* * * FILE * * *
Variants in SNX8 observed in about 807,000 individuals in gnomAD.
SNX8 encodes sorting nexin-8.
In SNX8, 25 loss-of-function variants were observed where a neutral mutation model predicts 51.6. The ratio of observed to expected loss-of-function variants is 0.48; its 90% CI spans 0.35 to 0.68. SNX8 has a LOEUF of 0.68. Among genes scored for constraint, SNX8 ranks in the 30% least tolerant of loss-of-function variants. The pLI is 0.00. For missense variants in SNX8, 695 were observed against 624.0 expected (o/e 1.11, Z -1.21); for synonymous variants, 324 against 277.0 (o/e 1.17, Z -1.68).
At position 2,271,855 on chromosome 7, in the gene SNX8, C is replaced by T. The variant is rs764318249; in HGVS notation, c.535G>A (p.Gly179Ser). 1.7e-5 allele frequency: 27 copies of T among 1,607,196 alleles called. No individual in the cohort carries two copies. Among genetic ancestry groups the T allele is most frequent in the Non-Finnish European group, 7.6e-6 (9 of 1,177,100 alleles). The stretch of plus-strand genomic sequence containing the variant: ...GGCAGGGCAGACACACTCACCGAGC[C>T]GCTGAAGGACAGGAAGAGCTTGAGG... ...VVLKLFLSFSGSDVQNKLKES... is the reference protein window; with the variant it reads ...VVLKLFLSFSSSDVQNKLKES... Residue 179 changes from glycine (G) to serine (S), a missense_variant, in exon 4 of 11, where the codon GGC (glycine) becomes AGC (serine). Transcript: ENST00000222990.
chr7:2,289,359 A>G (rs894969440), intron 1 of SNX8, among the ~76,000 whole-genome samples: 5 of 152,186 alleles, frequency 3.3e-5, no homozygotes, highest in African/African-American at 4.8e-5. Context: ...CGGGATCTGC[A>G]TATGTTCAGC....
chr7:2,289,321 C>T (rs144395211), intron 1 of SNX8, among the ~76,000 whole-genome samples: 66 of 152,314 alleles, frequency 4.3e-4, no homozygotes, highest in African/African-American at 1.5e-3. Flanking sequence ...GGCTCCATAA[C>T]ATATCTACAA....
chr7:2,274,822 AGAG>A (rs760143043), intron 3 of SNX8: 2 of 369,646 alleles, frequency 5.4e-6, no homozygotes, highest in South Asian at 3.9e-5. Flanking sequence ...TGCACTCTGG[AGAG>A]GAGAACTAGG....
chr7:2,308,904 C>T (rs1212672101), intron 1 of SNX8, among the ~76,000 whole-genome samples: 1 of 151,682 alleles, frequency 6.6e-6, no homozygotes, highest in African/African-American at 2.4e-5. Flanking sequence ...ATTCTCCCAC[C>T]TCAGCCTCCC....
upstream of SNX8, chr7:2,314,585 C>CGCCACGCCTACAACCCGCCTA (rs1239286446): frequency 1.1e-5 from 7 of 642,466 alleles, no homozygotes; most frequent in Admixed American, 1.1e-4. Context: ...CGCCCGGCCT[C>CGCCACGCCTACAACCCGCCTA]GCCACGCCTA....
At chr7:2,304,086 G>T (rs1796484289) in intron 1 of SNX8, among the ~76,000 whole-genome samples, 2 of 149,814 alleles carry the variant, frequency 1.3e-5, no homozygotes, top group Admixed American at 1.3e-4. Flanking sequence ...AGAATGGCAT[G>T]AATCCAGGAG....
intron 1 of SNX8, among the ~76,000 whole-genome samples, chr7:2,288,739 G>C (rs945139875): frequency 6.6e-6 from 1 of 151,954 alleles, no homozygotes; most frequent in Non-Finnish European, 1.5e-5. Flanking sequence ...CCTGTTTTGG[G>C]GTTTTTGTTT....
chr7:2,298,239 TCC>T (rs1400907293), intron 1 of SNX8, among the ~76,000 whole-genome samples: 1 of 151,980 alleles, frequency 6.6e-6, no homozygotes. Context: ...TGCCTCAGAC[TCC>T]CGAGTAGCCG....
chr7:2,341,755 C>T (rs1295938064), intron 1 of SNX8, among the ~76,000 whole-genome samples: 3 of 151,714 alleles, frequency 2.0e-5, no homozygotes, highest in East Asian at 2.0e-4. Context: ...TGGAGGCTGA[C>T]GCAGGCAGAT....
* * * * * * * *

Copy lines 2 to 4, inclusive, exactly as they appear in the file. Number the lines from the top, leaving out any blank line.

SNX8 encodes sorting nexin-8.
In SNX8, 25 loss-of-function variants were observed where a neutral mutation model predicts 51.6. The ratio of observed to expected loss-of-function variants is 0.48; its 90% CI spans 0.35 to 0.68. SNX8 has a LOEUF of 0.68. Among genes scored for constraint, SNX8 ranks in the 30% least tolerant of loss-of-function variants. The pLI is 0.00. For missense variants in SNX8, 695 were observed against 624.0 expected (o/e 1.11, Z -1.21); for synonymous variants, 324 against 277.0 (o/e 1.17, Z -1.68).
At position 2,271,855 on chromosome 7, in the gene SNX8, C is replaced by T. The variant is rs764318249; in HGVS notation, c.535G>A (p.Gly179Ser). 1.7e-5 allele frequency: 27 copies of T among 1,607,196 alleles called. No individual in the cohort carries two copies. Among genetic ancestry groups the T allele is most frequent in the Non-Finnish European group, 7.6e-6 (9 of 1,177,100 alleles). The stretch of plus-strand genomic sequence containing the variant: ...GGCAGGGCAGACACACTCACCGAGC[C>T]GCTGAAGGACAGGAAGAGCTTGAGG... ...VVLKLFLSFSGSDVQNKLKES... is the reference protein window; with the variant it reads ...VVLKLFLSFSSSDVQNKLKES... Residue 179 changes from glycine (G) to serine (S), a missense_variant, in exon 4 of 11, where the codon GGC (glycine) becomes AGC (serine). Transcript: ENST00000222990.